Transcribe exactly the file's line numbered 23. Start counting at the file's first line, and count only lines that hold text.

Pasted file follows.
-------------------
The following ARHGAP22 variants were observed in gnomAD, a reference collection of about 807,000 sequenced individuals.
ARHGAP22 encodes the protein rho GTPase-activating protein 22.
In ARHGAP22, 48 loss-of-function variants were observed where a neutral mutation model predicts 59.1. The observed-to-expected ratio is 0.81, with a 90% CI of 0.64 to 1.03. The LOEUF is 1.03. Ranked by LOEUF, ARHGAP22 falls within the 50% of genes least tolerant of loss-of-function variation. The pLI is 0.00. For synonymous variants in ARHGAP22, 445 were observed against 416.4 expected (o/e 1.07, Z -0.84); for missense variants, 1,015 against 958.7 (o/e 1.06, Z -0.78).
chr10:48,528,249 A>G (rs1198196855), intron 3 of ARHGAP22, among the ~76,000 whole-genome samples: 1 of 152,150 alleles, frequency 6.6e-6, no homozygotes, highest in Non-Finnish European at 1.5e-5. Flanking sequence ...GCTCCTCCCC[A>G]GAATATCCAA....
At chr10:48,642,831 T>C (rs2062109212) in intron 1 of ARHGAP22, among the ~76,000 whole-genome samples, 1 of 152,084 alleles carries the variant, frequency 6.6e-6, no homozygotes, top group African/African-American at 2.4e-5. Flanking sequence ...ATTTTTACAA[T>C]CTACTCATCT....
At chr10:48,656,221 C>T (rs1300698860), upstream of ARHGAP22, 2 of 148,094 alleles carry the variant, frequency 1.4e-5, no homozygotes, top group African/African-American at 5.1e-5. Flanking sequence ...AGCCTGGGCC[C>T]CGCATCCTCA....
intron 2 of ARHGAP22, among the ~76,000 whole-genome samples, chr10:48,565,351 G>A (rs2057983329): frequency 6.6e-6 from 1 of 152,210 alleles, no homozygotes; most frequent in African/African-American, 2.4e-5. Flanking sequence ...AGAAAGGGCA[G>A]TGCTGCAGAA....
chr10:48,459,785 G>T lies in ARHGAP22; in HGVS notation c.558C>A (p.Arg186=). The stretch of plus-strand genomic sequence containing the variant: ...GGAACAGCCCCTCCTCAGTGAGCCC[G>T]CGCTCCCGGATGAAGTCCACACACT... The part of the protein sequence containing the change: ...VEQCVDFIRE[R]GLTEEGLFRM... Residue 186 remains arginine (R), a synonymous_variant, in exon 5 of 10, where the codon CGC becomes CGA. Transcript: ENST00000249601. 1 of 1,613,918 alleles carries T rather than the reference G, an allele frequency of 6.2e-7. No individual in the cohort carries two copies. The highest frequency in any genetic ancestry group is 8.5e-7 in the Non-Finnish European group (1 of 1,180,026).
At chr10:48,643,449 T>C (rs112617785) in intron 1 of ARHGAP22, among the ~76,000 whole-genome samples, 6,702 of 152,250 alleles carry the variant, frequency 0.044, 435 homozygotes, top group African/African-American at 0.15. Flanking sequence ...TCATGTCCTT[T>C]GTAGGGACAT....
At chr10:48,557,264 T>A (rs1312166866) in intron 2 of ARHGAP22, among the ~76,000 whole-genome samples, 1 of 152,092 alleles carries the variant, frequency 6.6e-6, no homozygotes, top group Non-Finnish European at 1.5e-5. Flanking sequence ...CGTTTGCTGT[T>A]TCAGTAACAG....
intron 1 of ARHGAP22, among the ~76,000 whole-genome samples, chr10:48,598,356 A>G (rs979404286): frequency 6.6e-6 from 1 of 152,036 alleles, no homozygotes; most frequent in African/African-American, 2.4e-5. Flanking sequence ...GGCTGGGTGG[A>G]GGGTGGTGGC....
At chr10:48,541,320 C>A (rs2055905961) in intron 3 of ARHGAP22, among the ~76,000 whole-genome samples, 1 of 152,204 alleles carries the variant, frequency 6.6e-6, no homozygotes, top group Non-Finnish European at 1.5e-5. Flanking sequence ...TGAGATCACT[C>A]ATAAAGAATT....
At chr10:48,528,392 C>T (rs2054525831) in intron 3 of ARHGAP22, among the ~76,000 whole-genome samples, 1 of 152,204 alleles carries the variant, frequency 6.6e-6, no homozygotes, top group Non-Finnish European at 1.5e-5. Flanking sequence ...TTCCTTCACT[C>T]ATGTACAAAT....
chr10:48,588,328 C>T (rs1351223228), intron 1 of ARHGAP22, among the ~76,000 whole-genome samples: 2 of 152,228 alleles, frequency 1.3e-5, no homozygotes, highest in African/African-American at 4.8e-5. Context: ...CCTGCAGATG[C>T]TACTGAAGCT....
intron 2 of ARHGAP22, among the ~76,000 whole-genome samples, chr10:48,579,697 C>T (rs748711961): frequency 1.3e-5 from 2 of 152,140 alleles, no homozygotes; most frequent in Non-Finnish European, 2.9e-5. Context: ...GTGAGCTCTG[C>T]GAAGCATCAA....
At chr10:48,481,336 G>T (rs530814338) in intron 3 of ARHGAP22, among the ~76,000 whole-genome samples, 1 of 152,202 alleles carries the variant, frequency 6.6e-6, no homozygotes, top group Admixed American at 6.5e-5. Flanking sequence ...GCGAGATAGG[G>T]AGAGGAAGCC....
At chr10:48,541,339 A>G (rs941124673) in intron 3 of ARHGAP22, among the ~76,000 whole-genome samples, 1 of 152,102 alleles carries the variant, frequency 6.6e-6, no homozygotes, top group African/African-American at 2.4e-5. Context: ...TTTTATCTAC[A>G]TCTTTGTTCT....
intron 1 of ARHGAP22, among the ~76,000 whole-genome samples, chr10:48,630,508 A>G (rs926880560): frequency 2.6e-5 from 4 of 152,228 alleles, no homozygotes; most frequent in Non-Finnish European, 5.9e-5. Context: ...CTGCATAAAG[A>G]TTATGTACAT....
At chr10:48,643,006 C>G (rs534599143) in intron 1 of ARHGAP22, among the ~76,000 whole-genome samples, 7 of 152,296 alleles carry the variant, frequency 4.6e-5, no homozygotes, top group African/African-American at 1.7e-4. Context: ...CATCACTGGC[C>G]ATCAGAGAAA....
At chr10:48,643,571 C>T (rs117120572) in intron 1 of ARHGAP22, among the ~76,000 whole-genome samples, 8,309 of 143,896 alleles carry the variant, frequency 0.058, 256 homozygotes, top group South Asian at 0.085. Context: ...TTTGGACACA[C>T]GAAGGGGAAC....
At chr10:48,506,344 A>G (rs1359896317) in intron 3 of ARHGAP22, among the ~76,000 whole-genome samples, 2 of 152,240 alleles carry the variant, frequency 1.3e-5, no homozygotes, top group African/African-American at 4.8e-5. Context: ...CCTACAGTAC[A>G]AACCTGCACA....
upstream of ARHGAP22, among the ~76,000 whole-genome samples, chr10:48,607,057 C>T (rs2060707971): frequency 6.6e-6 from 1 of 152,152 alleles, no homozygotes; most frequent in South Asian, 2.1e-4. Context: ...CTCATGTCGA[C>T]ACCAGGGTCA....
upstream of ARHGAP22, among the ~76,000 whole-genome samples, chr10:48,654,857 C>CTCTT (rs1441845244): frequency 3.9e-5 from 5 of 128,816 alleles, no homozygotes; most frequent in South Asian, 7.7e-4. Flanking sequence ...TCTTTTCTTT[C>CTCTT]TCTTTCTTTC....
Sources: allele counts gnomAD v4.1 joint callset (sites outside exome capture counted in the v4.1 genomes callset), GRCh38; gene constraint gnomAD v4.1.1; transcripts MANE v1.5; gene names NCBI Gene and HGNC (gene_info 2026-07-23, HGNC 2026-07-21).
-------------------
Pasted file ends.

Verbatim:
upstream of ARHGAP22, among the ~76,000 whole-genome samples, chr10:48,654,857 C>CTCTT (rs1441845244): frequency 3.9e-5 from 5 of 128,816 alleles, no homozygotes; most frequent in South Asian, 7.7e-4. Flanking sequence ...TCTTTTCTTT[C>CTCTT]TCTTTCTTTC....